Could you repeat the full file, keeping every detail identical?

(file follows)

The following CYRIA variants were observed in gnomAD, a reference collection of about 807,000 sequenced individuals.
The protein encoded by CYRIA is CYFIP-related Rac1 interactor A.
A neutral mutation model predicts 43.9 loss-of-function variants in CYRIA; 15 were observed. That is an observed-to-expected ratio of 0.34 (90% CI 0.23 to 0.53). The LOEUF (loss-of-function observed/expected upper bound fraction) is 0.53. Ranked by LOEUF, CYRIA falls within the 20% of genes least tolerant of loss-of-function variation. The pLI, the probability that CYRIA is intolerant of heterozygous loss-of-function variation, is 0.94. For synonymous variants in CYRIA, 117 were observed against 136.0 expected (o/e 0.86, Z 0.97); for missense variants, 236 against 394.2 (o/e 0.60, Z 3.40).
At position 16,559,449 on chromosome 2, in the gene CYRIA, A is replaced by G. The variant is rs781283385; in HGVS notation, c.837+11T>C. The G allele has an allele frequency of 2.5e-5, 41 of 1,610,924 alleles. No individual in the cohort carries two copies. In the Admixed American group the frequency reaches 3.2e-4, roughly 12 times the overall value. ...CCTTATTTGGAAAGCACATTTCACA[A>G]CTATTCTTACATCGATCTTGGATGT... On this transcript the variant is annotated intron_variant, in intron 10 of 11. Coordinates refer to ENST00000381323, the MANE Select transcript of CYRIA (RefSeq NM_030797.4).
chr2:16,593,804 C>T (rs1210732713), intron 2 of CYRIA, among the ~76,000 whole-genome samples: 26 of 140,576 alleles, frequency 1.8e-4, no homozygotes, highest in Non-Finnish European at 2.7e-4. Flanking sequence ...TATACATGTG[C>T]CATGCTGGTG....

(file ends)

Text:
The following CYRIA variants were observed in gnomAD, a reference collection of about 807,000 sequenced individuals.
The protein encoded by CYRIA is CYFIP-related Rac1 interactor A.
A neutral mutation model predicts 43.9 loss-of-function variants in CYRIA; 15 were observed. That is an observed-to-expected ratio of 0.34 (90% CI 0.23 to 0.53). The LOEUF (loss-of-function observed/expected upper bound fraction) is 0.53. Ranked by LOEUF, CYRIA falls within the 20% of genes least tolerant of loss-of-function variation. The pLI, the probability that CYRIA is intolerant of heterozygous loss-of-function variation, is 0.94. For synonymous variants in CYRIA, 117 were observed against 136.0 expected (o/e 0.86, Z 0.97); for missense variants, 236 against 394.2 (o/e 0.60, Z 3.40).
At position 16,559,449 on chromosome 2, in the gene CYRIA, A is replaced by G. The variant is rs781283385; in HGVS notation, c.837+11T>C. The G allele has an allele frequency of 2.5e-5, 41 of 1,610,924 alleles. No individual in the cohort carries two copies. In the Admixed American group the frequency reaches 3.2e-4, roughly 12 times the overall value. ...CCTTATTTGGAAAGCACATTTCACA[A>G]CTATTCTTACATCGATCTTGGATGT... On this transcript the variant is annotated intron_variant, in intron 10 of 11. Coordinates refer to ENST00000381323, the MANE Select transcript of CYRIA (RefSeq NM_030797.4).
chr2:16,593,804 C>T (rs1210732713), intron 2 of CYRIA, among the ~76,000 whole-genome samples: 26 of 140,576 alleles, frequency 1.8e-4, no homozygotes, highest in Non-Finnish European at 2.7e-4. Flanking sequence ...TATACATGTG[C>T]CATGCTGGTG....